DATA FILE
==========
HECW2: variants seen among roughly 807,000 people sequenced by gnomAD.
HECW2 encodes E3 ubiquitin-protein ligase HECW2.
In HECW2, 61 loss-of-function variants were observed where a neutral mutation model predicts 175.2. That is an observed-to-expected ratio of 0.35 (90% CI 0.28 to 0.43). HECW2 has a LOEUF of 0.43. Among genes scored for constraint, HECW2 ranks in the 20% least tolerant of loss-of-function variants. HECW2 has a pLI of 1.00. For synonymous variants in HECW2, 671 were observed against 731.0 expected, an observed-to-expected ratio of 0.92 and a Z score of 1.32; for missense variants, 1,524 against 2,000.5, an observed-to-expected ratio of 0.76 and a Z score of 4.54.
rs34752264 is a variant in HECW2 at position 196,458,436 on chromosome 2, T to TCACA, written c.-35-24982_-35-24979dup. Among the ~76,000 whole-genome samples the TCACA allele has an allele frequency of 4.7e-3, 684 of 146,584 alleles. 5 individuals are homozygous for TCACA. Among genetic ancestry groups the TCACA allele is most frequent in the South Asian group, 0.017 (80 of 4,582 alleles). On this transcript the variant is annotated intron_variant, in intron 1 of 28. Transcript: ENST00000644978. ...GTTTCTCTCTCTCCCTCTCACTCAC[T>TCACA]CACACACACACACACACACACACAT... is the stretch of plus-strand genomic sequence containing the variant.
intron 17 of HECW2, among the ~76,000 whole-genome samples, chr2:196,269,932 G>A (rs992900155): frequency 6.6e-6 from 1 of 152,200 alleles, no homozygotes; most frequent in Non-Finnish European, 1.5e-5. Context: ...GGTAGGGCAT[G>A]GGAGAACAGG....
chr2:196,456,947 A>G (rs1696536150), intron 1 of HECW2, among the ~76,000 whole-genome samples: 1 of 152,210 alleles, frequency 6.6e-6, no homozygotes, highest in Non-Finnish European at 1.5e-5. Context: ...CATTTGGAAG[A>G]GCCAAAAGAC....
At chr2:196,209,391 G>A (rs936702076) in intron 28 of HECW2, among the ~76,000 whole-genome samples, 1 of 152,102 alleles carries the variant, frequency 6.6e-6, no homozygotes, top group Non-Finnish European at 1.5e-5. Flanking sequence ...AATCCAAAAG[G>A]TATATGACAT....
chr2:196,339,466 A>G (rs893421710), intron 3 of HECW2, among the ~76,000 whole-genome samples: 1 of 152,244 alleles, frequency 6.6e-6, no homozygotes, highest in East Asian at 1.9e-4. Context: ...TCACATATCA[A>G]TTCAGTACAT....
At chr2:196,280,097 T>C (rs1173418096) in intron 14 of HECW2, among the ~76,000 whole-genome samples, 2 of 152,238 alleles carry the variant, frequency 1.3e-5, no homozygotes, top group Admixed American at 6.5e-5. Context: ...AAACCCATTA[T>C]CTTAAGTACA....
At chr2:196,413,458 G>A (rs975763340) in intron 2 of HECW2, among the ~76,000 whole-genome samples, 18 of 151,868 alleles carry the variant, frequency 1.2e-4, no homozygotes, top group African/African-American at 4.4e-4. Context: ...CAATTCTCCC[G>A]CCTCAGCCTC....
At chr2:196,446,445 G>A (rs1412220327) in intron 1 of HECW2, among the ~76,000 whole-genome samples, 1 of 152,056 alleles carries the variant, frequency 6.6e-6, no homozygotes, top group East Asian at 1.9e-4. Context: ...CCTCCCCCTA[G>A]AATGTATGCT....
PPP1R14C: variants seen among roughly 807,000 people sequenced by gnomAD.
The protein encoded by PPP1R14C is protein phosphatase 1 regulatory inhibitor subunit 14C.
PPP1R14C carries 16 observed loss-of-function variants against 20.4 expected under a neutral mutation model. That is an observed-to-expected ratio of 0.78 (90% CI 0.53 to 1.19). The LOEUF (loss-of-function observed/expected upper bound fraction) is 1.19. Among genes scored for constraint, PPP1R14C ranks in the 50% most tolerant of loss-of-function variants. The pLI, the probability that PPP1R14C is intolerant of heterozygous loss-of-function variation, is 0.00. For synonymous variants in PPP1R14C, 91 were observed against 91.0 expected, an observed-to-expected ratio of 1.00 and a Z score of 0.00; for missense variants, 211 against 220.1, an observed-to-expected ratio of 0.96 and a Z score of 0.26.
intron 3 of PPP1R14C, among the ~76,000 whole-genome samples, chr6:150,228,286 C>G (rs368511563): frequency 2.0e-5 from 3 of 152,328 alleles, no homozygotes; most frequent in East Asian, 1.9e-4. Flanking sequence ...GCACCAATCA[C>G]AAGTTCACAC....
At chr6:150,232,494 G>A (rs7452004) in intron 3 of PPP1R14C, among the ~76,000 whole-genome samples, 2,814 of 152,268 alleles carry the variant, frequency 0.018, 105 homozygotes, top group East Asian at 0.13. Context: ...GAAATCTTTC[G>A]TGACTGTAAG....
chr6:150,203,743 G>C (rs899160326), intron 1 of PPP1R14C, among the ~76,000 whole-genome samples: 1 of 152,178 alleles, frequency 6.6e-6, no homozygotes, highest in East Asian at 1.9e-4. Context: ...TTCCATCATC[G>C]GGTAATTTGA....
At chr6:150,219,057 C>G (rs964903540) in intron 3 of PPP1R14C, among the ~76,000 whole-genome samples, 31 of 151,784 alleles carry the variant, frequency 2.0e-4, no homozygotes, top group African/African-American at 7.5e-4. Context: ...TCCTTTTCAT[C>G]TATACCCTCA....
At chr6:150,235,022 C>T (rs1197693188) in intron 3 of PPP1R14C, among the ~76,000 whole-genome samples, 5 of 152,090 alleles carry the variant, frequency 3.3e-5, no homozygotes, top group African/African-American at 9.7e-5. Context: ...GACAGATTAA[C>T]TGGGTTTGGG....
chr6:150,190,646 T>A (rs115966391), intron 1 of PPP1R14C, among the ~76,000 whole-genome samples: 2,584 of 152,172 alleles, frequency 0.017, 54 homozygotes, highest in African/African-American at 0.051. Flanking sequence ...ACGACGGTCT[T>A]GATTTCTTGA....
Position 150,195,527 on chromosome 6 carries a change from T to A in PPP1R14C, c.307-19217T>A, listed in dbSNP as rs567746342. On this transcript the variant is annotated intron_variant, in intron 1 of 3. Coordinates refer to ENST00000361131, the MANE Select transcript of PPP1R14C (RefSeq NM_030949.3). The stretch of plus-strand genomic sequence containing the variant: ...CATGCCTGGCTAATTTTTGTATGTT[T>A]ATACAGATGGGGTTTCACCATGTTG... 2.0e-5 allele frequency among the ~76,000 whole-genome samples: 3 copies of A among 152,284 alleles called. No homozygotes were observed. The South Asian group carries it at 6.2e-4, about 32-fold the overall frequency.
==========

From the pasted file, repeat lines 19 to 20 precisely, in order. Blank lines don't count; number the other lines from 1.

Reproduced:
At chr6:150,235,022 C>T (rs1197693188) in intron 3 of PPP1R14C, among the ~76,000 whole-genome samples, 5 of 152,090 alleles carry the variant, frequency 3.3e-5, no homozygotes, top group African/African-American at 9.7e-5. Context: ...GACAGATTAA[C>T]TGGGTTTGGG....
chr6:150,190,646 T>A (rs115966391), intron 1 of PPP1R14C, among the ~76,000 whole-genome samples: 2,584 of 152,172 alleles, frequency 0.017, 54 homozygotes, highest in African/African-American at 0.051. Flanking sequence ...ACGACGGTCT[T>A]GATTTCTTGA....